Although it is theorized that krill oil cannot be truly tested for oxidation rate as the Astaxanthin content in the krill oil may interfere with results, it is generally suggested by research that krill oil has a relatively short lifespan with oxidation rate between two to three hours compared to fish oil that takes about 48-72 hours before oxidation occurs.
In order to fish oil to be absorbed into the body, it requires that it attaches to triglycerides and only then converted to the EPA and DHA fatty acid components. The result is that approximately 80-85 percent of these acids are simply eliminated in the intestines. Krill oil, however, attaches rather to components called phospholipids which make it easier for the body to absorb.
According to a 2011 study in Frontiers in Genetics that compared the livers of mice that were fed krill oil to those that were fed fish oil over a period of time,
it was found that krill oil had a superior metabolic influence on the mice. Krill oil was shown to enhance the metabolism of glucose, promote the metabolism of lipids, decreases the synthesis of cholesterol whereas fish oil actually has the opposite effect. Krill oil was also shown to regulate the respiratory chain of mitochondria.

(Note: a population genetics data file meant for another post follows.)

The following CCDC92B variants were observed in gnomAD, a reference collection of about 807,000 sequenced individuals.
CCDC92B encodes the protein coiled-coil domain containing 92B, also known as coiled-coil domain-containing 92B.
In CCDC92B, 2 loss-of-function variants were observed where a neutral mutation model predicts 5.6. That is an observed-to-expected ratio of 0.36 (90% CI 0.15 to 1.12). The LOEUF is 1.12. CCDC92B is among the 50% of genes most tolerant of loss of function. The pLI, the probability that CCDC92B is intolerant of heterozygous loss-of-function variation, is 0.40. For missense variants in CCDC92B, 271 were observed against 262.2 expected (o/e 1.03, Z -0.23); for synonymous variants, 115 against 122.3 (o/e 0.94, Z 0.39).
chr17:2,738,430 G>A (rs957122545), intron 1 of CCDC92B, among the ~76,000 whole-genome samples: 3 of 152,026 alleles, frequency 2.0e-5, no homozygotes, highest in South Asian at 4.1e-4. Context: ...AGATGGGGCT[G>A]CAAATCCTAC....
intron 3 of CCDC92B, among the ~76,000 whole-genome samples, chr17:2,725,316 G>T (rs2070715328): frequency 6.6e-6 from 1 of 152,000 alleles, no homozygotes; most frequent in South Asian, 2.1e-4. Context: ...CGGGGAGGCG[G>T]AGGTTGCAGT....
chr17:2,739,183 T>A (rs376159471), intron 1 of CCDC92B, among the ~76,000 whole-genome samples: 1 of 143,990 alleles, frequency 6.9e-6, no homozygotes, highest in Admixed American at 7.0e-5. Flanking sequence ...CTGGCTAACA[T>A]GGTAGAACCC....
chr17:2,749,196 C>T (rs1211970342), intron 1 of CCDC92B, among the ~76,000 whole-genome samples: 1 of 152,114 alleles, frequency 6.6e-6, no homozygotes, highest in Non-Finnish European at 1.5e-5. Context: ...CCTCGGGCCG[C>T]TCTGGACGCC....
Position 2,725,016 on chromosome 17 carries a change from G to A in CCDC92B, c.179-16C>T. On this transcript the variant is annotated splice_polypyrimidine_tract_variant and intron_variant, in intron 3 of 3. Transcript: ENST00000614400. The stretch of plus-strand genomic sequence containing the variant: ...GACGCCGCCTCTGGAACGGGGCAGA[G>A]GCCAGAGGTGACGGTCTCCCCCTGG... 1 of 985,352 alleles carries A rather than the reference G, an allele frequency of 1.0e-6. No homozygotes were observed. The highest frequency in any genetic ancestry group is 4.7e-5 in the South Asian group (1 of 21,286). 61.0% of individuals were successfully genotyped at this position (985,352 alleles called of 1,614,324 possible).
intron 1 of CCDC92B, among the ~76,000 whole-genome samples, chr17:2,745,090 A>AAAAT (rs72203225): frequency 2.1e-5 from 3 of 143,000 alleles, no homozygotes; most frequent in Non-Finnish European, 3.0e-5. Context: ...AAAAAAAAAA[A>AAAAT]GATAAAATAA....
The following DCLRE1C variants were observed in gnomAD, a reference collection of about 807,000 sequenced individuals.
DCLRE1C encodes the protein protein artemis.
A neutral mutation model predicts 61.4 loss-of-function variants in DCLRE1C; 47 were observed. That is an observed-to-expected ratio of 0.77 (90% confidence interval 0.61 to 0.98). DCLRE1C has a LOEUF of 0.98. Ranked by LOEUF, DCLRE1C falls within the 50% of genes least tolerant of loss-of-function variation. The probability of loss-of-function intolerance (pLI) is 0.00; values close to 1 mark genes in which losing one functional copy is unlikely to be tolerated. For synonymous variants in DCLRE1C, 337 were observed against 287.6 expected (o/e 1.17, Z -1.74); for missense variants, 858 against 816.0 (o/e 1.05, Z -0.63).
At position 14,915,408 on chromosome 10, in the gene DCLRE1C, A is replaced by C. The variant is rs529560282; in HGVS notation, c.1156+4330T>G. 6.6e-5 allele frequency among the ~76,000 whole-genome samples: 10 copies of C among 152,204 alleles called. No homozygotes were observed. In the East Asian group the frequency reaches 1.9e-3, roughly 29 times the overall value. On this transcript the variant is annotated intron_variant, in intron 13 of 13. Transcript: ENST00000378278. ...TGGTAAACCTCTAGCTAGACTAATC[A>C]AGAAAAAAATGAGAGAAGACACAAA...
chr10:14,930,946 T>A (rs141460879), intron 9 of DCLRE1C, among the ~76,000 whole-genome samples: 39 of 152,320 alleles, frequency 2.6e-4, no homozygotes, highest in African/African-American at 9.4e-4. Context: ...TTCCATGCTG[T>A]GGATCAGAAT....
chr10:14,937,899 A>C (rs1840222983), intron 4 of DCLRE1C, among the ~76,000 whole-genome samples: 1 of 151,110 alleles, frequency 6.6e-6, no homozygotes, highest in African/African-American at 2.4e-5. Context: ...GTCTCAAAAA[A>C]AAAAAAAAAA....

All these are things that fish oil has not been proven to affect in the human body.
In another 2011 study where subjects were given up to 63 percent less krill oil than subject who were given fish oil, the krill oil group still showed the very same levels of EPA and DHA fatty acids in their blood stream. This suggest that krill oil is a much more potent source of omega-3 fats than fish oil – in fact, krill oil is said to be 48 times more potent than fish oil.
Due in part to the ever-increasingly high rate of water pollution, fish have become highly susceptible to contamination by mercury and other heavy metal. This is the reason that consuming large amounts of fish to fulfill the body’s requirement for omega-3 is unsafe to begin with and deems supplementation quite necessary in some instances.
Krill are harvested from much cleaner waters and can be considered much safer to consume in lager quantities given the fact that krill feed on phytoplankton and zooplankton rather than other potentially contaminated fish.
Antarctic krill alone has a biomass of up to 500, 000, 000; far more than human beings. Moreover, of this amount of krill, only 1-2 percent is harvested yearly. I
n conclusion, both of these supplements are in fact very beneficial for overall health, especially for the elderly, those who suffer from heart disease and other common ailments that can be treated with the use of omega-3 supplements. The fact is that research into fish oil is much more mature than that for krill oil as a dietary supplement.
As to whether or not either of these is necessarily a better alternative to the other, makes for quite the open ended discussion.